Or, eyes like daggers and a pair of brown boots.

Brown boots on a wooden floor

I was standing outside a café with my dog – one of the feisty chihuahuas that I think I might have told you about. I was holding her over my shoulder (she’s really small) and people inside the café were cooing and aahing – oh, what a cute pup!

Then my friend approached from behind, reaching out for a pat. Said chihuahua went ballistic. Nipped my friend on the thumb (ouch). The oohing and aahing quickly turned into a completely different tone: shock, horror, all of that.

And there was one woman inside the café who just stared and stared at me, eyes like daggers. Bitch.

Now, usually, I’d go to pieces in a situation like this. The judgement inherent in that kind of look would have me on my knees. I’m sorry, I’d think, I’m sorry I’m not living up to what you expect of me. Yep, I’d give up my power like that, even to a stranger in a café.

This time, though, I stood my ground. I stared back. I stared and stared and she held my gaze for the longest time.

Meanwhile, my friend had a sore thumb and I had a distressed chihuahua to deal with, so I had to turn away.

In this situation, I was in the wrong. It’s not ok to have a naughty little dog cracking it at people on the street. It’s disappointing because I’m working so hard to train and socialise her. But I’ll own my part in this: my bad.

Afterwards, the incident got me thinking about the way we judge each other, the way people think it’s ok to stare or maybe even comment out loud when someone around them struggles, messes up or perhaps downright fails. As if we’re not all doing our very best to survive in this world, to be civil, to get along. The judgement is a form of rudeness. It’s a bit like a twisted game of ‘pass the punishment’, where you judge me and I’ll judge you and then, if you’re anything like me, you’ll internalise that, turning all the judgement in on yourself.

I’ve recently finished reading Mrs Dalloway, the extraordinary work of Virginia Woolf. There’s a passage in there that also got me thinking about judging and I wanted to share it with you:

To look at, he might have been a clerk, but of the better sort; for he wore brown boots; his hands were educated; so, too his profile – his angular, big-nosed, intelligent, sensitive profile, but not his lips altogether, for they were loose, and his eyes (as eyes tend to be), eyes merely; hazel, large; so that he was, on the whole, a border case, neither one thing nor the other, might end with a house at Purley and a motor car, or continue renting apartments in back streets all his life; one of those half-educated, self-educated men whose education is all learnt from books borrowed from public libraries, read in the evening after the day’s work, on the advice of well-known authors consulted by letter.

Talk about an ouch.

As a writer painting a picture of a man, Woolf is taking many an imaginative leap. But she’s also revealing her class, her intellectual snobbery and her comparative wealth. She’s judging him, this man she’s created. He is probably an amalgam of several if not many men that Woolf saw on the streets of London at the time when she was writing. So she’s capturing the norms of a period as well, when it was ok to say someone was lesser than you because he was a clerk who wore brown boots.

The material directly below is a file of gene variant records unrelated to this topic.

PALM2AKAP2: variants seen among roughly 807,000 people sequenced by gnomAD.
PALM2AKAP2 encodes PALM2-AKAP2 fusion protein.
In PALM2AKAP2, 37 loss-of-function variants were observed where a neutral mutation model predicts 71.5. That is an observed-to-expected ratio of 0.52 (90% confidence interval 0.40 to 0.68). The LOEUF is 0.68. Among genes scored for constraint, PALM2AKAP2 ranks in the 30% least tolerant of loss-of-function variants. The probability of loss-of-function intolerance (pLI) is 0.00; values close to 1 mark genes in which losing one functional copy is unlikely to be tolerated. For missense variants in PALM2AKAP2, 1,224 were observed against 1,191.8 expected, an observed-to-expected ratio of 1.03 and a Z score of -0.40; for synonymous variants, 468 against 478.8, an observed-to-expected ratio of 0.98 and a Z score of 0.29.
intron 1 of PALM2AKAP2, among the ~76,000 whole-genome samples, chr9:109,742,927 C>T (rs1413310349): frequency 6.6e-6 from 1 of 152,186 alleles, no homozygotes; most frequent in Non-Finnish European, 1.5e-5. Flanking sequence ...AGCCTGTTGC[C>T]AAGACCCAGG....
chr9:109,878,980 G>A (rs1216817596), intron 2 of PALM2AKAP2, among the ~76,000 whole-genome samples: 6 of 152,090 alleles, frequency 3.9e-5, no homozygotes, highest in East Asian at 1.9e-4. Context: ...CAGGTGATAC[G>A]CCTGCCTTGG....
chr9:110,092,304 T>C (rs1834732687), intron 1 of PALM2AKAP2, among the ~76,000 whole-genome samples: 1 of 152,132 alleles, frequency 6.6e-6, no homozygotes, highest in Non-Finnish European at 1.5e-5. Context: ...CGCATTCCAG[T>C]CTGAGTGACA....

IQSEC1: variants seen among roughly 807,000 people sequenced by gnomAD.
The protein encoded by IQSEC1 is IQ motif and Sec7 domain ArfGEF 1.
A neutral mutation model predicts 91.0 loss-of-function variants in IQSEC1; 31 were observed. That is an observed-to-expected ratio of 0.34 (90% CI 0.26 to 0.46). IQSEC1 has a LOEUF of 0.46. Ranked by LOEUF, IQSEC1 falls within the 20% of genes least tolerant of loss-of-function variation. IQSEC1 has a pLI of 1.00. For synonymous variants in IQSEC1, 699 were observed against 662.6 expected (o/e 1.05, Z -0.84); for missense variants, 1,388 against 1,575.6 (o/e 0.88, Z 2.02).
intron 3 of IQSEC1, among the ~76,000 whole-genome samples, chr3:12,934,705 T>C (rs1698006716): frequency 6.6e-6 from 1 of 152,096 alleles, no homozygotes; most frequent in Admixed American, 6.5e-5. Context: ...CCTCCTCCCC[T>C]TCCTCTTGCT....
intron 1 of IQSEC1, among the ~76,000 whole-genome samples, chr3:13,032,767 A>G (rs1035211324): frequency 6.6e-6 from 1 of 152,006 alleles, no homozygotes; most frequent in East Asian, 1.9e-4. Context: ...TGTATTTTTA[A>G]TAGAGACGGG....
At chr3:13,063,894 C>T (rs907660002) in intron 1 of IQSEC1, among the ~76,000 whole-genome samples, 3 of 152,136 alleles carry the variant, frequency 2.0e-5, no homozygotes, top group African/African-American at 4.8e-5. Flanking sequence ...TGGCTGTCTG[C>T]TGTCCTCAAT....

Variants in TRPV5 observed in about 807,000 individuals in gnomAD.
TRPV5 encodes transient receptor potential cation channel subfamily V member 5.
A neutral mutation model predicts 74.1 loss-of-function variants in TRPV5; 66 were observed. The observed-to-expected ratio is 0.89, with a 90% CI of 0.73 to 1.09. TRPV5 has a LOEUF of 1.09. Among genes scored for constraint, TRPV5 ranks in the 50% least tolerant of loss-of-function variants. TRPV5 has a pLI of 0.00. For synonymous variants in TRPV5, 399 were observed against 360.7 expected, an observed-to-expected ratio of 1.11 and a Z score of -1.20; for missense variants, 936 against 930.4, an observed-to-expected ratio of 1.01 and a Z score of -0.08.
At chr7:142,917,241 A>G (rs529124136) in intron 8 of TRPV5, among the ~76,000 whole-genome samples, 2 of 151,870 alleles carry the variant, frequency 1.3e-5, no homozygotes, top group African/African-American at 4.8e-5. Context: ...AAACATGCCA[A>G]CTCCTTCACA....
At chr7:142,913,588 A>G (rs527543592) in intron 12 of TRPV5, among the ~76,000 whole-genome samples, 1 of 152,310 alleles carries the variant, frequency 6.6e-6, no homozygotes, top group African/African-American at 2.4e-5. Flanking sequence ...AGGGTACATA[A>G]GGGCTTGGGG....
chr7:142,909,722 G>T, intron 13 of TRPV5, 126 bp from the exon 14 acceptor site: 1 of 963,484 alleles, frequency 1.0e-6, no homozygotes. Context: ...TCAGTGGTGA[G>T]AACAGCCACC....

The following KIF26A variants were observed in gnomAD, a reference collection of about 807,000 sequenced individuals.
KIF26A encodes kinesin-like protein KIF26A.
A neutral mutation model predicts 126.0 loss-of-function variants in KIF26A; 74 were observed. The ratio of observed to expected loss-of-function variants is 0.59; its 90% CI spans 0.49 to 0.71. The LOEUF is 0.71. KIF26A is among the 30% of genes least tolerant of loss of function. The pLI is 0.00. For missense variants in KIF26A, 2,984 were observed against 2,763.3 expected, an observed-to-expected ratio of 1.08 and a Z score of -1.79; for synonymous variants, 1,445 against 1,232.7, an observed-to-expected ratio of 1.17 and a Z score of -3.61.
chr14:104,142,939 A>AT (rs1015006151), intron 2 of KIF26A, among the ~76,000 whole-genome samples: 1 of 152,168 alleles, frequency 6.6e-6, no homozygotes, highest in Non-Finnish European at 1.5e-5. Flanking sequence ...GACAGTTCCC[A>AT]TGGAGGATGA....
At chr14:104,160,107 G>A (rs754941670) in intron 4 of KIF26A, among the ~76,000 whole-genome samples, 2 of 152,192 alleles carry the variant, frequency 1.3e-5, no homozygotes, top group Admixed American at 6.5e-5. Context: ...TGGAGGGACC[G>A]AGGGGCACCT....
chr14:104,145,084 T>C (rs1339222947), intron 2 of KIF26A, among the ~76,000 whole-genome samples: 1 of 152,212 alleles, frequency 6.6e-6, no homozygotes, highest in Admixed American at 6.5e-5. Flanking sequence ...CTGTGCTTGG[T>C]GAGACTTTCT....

Can I forgive her for this?

Quite possibly, she’s taking a stab at her privileged peers and the class system itself, similar to the way Jane Austen does. But I’ve seen this at play in all of Woolf’s work that I’ve read and I believe it contains grains of her truth.

The thing is, all Australians live with the legacy of a class structure built on the bones of superiority. And I want to turn back and stare at it, standing in my power and saying, you know what, we’re all human here.

This week I learnt that one of the tradespeople working at my house was one of the first refugees that John Howard sent to Nauru. For my readers outside of Australia, this was a highly contentious policy that the Howard Government put in place in 2001, sending people who tried to enter Australia as refugees to third countries.

My tradie, an awesome guy whom I would like to call my friend, said to me: “We’re all human. That was politics, but we’re all just human in the end.” This man, who endured fear, loss, imprisonment and extended uncertainty, has what so many lack: compassion.  

To me, everyone from Woolf to Howard to the woman staring at me and my dog, is missing this essential component in the narrative: There, but for the grace of God, go I.

So I’ll extend my compassion to Woolf. She was a product of her time, her upbringing, her class. And anyway, who am I to judge one of the most important writers in history? Perhaps what she did for art and feminism is more important than what she did for clerks.

Howard, well I guess I need to extend some compassion toward him too if I’m going to live true to my intentions. It’s harder, though, to forgive a man who actively devalued human lives, putting politics before people. 

And the woman in the café? I’ll extend my compassion toward her too. I’m grateful to her. She taught me so much about myself and what I’m willing to stand up for.

This experience has taught me that, as a writer, I’d like to explore our common humanity and turn my attention to the best in us, not the worst. I want to observe, capture and preserve important moments but I’d like to do it without wielding the sharp dagger of judgement. I’d like to be strong, true, kind and fair. I believe in civility. I don’t believe in cutting each other to shreds.

Much love, Lyndall